Straw Bale Gardening: How Does It Work?

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Take on the challenges of gardening in a new way with a straw bale garden. Bales hold moisture and provide a rich medium for veggies.

straw bale gardenFirdausiah Mamat/Getty Images

Gardeners face all kinds of challenges: poor soil, weeds, space issues and short growing seasons, to name a few. You can eliminate some of them with a straw bale garden, because the bales hold moisture and, as they decompose, they provide a rich medium for vegetable plants.

“The biggest benefit of a straw bale garden is that the bales heat up as they begin the ‘conditioning’ process, and thus allow earlier planting,” says Joel Karsten, author of Straw Bale Gardens Complete: Breakthrough Vegetable Gardening Method. “The warm root zone means faster, early-season root production and earlier-maturing vegetables.”

Raised bales are easier to reach and work on for those with physical limitations. And they almost eliminate weeding, a benefit many straw-bale gardeners love most. Follow these steps to start a straw bale garden.

Pick a Prime Location for Your Straw Bale Garden

Choose heavy, highly compressed straw (not hay!) bales, directly from a farm if possible. Find a location that gets six to eight hours of sunlight per day. Lay landscape fabric to keep weeds from growing, and arrange the bales cut sides up, with the strings running along the sides.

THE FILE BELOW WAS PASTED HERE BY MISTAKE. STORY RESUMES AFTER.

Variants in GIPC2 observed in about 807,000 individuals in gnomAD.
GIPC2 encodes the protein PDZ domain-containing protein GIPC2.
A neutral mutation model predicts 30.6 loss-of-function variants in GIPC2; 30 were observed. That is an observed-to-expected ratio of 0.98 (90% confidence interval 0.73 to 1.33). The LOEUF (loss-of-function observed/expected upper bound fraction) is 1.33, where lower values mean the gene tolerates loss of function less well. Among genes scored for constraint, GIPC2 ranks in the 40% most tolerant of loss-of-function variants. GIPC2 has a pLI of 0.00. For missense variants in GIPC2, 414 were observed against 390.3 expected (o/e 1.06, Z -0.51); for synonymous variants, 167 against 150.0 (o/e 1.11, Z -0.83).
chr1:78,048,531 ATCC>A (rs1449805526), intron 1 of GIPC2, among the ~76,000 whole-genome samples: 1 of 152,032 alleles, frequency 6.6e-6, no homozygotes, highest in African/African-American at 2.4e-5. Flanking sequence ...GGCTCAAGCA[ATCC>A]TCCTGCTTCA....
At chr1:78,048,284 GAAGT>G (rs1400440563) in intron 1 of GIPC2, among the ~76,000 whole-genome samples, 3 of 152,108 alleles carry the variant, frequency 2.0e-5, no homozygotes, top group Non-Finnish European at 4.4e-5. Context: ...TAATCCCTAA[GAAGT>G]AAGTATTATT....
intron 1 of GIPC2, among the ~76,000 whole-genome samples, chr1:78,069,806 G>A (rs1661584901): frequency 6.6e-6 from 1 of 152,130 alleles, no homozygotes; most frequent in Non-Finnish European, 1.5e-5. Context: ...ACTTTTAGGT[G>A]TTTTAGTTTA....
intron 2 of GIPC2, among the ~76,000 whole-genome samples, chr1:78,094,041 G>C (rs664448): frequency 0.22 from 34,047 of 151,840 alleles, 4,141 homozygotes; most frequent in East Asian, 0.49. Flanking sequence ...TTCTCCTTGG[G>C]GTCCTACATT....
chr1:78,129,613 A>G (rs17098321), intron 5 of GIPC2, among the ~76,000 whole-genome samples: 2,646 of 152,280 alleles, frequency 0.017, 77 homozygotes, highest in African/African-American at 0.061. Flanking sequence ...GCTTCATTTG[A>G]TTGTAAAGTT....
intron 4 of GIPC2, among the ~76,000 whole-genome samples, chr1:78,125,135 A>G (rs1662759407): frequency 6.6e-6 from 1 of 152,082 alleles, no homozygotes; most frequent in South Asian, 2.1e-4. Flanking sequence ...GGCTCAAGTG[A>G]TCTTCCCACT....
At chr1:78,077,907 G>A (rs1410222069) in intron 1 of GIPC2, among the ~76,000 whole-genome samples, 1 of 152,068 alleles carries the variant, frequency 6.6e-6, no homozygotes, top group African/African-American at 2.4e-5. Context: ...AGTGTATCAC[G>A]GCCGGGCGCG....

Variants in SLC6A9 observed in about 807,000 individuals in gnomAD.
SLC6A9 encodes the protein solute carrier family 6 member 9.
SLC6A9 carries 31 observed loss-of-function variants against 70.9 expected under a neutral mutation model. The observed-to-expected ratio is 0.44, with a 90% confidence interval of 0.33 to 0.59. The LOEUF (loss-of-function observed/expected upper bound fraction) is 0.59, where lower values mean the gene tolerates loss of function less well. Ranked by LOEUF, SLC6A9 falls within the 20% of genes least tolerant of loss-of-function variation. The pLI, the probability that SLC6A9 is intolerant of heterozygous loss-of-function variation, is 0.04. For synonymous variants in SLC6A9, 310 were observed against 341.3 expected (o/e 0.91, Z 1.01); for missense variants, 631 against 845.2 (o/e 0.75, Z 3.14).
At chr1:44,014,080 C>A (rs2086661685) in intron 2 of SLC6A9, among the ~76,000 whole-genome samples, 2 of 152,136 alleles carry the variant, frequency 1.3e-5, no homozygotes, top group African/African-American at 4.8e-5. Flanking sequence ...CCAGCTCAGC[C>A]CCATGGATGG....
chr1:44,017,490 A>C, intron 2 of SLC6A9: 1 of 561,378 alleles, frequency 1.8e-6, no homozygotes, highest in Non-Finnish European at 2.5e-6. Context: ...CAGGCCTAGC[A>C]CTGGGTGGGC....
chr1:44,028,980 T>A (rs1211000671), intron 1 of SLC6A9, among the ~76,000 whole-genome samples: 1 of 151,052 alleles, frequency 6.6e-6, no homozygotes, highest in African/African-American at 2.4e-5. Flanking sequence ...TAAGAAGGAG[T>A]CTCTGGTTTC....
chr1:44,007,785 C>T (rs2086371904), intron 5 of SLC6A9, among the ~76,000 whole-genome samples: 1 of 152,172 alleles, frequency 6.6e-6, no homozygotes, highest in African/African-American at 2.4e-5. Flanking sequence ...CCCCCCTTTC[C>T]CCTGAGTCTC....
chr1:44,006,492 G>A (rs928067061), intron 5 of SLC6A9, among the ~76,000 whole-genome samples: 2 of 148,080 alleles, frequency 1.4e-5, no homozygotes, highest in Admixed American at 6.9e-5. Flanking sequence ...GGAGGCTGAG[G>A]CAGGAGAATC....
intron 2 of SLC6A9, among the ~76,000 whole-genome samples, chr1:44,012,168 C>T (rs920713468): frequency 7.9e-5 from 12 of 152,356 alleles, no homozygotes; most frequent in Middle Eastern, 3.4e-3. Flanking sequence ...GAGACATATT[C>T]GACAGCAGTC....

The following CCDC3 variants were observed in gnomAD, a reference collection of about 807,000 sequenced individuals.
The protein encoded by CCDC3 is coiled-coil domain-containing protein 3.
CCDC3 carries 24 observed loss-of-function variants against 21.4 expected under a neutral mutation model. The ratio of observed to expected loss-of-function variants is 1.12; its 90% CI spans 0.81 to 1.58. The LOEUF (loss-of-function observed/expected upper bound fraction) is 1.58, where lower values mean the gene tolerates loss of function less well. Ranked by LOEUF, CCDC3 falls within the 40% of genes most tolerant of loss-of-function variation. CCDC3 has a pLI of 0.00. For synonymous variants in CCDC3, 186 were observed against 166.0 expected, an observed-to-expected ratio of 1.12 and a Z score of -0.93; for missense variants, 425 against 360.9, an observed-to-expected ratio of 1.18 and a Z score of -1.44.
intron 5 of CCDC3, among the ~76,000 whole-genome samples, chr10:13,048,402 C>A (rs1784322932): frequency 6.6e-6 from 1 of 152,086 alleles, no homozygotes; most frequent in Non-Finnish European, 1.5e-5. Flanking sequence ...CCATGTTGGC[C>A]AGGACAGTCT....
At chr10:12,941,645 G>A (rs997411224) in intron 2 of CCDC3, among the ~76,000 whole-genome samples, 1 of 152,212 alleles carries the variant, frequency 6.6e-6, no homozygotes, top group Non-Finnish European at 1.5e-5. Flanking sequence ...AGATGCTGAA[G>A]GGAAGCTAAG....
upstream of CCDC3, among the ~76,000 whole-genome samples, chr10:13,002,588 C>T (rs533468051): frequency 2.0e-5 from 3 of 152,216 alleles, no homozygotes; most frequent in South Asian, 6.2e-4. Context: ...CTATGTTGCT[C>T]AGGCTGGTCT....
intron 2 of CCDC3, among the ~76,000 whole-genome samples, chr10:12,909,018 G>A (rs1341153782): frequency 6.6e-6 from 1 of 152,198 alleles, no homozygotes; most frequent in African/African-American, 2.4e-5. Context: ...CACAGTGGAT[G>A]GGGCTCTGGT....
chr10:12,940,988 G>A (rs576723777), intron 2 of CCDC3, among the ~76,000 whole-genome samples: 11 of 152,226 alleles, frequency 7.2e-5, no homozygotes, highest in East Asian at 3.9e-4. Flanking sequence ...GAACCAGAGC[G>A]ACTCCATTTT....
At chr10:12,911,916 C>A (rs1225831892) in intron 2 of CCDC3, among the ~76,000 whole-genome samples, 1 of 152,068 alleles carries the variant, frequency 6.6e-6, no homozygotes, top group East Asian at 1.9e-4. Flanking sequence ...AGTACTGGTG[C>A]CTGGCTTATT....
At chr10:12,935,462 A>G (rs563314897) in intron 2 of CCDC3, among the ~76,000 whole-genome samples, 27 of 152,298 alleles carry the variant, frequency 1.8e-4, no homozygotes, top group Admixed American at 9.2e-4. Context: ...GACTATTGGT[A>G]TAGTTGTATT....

Condition the Straw

Two weeks before planting, start “cooking” the bales. Treat them with high-nitrogen fertilizer every other day and water heavily for about two weeks to accelerate decomposition of the straw inside the bale.

Plant Seedlings or Seeds

Seedlings can be planted directly in the straw bale garden. Just make a hole with the trowel and add a little planting mix to cover the exposed roots. Seeds require a bed of potting soil to hold moisture on top of the bale until germination. If you wish, plant annual flowers or herbs into the sides of the bales to make them more attractive.

Protect and Support Vines

Position tall posts at the end of each row and run wire between them at 10-inch intervals from the top of the bale. When seeds sprout, drape a plastic tarp over the bottom wire to create a greenhouse for chilly nights. As the plants grow, the wires become a vertical trellis, supporting vining veggies.

Harvest and Compost

When the growing season is over, the straw bales turn into usable, healthy compost for next year’s gardens.

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Kirsten Schrader
Kirsten is the content director of Birds & Blooms. She's been with the brand in various roles since 2007. She has many favorite birds (it changes with the seasons), but top picks include the red-headed woodpecker, Baltimore oriole and rose-breasted grosbeak. Her bucket list bird is the painted bunting.